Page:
Internationally comparable mathematics scores for fourteen African countries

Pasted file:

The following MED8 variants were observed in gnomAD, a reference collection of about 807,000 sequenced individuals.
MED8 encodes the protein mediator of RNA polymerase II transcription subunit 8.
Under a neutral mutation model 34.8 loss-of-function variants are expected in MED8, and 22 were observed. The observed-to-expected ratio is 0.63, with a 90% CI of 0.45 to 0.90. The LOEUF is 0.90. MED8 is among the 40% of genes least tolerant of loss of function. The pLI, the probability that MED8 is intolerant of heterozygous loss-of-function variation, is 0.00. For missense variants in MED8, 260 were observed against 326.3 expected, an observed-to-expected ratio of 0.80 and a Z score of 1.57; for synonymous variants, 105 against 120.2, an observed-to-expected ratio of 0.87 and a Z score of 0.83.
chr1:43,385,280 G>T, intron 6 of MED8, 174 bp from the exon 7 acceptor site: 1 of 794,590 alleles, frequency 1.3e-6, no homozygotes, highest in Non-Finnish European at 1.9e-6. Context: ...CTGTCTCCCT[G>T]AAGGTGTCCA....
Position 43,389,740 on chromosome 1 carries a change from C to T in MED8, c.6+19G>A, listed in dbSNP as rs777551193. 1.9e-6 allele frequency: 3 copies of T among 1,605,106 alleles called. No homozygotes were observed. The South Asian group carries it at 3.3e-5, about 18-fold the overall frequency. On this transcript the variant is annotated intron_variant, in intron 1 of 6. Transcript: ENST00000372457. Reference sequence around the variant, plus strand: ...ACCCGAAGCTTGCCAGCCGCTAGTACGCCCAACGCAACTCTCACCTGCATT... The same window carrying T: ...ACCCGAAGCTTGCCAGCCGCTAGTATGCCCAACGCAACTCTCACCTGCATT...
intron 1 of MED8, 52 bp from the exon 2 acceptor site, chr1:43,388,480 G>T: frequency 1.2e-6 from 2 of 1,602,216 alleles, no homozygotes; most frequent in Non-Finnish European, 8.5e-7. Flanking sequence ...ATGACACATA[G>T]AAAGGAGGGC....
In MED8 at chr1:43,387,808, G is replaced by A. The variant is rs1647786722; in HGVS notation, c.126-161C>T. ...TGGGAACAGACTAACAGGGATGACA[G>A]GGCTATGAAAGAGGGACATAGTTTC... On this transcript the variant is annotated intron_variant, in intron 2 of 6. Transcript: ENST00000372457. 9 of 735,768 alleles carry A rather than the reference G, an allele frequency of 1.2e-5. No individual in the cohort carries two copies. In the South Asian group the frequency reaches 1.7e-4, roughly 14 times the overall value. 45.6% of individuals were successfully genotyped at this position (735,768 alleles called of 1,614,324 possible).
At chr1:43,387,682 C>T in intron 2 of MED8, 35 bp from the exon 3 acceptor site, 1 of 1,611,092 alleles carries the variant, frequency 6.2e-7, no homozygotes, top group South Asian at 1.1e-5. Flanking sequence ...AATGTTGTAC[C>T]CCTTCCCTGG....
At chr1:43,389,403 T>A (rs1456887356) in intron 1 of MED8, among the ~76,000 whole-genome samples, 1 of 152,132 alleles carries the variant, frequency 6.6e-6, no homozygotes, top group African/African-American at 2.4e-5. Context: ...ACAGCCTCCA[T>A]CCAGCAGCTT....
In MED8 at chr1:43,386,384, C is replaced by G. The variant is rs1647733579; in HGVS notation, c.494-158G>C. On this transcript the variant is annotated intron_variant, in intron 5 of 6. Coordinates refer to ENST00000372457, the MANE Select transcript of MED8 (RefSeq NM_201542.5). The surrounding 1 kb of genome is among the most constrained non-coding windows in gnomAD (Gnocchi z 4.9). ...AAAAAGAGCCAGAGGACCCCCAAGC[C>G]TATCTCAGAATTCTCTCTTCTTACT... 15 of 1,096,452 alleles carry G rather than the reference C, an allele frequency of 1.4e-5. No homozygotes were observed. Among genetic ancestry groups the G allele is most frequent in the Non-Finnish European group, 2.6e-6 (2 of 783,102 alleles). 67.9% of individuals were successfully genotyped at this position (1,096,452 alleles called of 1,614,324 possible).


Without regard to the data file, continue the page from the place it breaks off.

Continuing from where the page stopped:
Internationally comparable test scores play a central role in both research and policy debates on education. However, the main international testing regimes, such as PISA, TIMSS, or PIRLS, include almost no low-income countries. Instead, many developing countries opt for regional assessments sponsored by the United Nations. This paper exploits an overlap between the regional test for Southern and Eastern Africa, SACMEQ, and the TIMSS test – in both country coverage, and questions asked – to assesses the feasibility of constructing global learning metrics by equating regional and international scales. I find considerable variance when comparing three commonly-used equating methods, suggesting precise country rankings are unreliable. Across all methodologies, however, learning levels in this sample of African countries are consistently (a) low in absolute terms, by roughly one-and-a-half standard deviations or more compared to OECD pupils of a similar age; (b) significantly lower than predicted by African per capita GDP levels; and (c) converging slowly, if at all, to the rest of the world during the 2000s. The robustness of these simple facts suggests even crude linking methods may suffice for many international policy questions, such as tracking the UN’s development goals.